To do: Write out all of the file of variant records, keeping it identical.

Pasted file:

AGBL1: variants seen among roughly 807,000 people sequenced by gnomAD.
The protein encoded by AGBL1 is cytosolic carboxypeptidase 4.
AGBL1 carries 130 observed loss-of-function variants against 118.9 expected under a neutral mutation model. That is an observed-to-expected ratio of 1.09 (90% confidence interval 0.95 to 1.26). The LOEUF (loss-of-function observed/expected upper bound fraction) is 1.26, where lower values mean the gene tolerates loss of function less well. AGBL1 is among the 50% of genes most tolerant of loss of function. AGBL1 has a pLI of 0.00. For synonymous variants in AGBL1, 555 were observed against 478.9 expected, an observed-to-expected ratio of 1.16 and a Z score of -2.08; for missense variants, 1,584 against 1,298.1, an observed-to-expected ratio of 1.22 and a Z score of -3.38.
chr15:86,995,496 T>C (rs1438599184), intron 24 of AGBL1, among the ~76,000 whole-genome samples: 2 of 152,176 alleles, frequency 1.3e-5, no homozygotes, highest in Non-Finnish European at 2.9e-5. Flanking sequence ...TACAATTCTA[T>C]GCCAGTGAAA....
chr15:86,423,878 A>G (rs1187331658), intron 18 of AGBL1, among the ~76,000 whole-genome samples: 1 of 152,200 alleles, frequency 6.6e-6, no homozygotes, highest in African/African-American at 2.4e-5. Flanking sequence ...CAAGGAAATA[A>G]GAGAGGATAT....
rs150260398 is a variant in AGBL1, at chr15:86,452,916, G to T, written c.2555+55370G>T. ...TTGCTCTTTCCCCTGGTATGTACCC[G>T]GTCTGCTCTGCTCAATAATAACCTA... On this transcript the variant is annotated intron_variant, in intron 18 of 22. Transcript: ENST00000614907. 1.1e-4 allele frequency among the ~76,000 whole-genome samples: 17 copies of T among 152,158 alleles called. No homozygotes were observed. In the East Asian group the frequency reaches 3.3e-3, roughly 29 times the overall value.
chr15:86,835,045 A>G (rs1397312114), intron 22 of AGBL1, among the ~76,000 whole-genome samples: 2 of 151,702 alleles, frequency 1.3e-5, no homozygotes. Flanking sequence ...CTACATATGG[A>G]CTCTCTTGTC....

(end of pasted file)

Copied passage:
AGBL1: variants seen among roughly 807,000 people sequenced by gnomAD.
The protein encoded by AGBL1 is cytosolic carboxypeptidase 4.
AGBL1 carries 130 observed loss-of-function variants against 118.9 expected under a neutral mutation model. That is an observed-to-expected ratio of 1.09 (90% confidence interval 0.95 to 1.26). The LOEUF (loss-of-function observed/expected upper bound fraction) is 1.26, where lower values mean the gene tolerates loss of function less well. AGBL1 is among the 50% of genes most tolerant of loss of function. AGBL1 has a pLI of 0.00. For synonymous variants in AGBL1, 555 were observed against 478.9 expected, an observed-to-expected ratio of 1.16 and a Z score of -2.08; for missense variants, 1,584 against 1,298.1, an observed-to-expected ratio of 1.22 and a Z score of -3.38.
chr15:86,995,496 T>C (rs1438599184), intron 24 of AGBL1, among the ~76,000 whole-genome samples: 2 of 152,176 alleles, frequency 1.3e-5, no homozygotes, highest in Non-Finnish European at 2.9e-5. Flanking sequence ...TACAATTCTA[T>C]GCCAGTGAAA....
chr15:86,423,878 A>G (rs1187331658), intron 18 of AGBL1, among the ~76,000 whole-genome samples: 1 of 152,200 alleles, frequency 6.6e-6, no homozygotes, highest in African/African-American at 2.4e-5. Flanking sequence ...CAAGGAAATA[A>G]GAGAGGATAT....
rs150260398 is a variant in AGBL1, at chr15:86,452,916, G to T, written c.2555+55370G>T. ...TTGCTCTTTCCCCTGGTATGTACCC[G>T]GTCTGCTCTGCTCAATAATAACCTA... On this transcript the variant is annotated intron_variant, in intron 18 of 22. Transcript: ENST00000614907. 1.1e-4 allele frequency among the ~76,000 whole-genome samples: 17 copies of T among 152,158 alleles called. No homozygotes were observed. In the East Asian group the frequency reaches 3.3e-3, roughly 29 times the overall value.
chr15:86,835,045 A>G (rs1397312114), intron 22 of AGBL1, among the ~76,000 whole-genome samples: 2 of 151,702 alleles, frequency 1.3e-5, no homozygotes. Flanking sequence ...CTACATATGG[A>G]CTCTCTTGTC....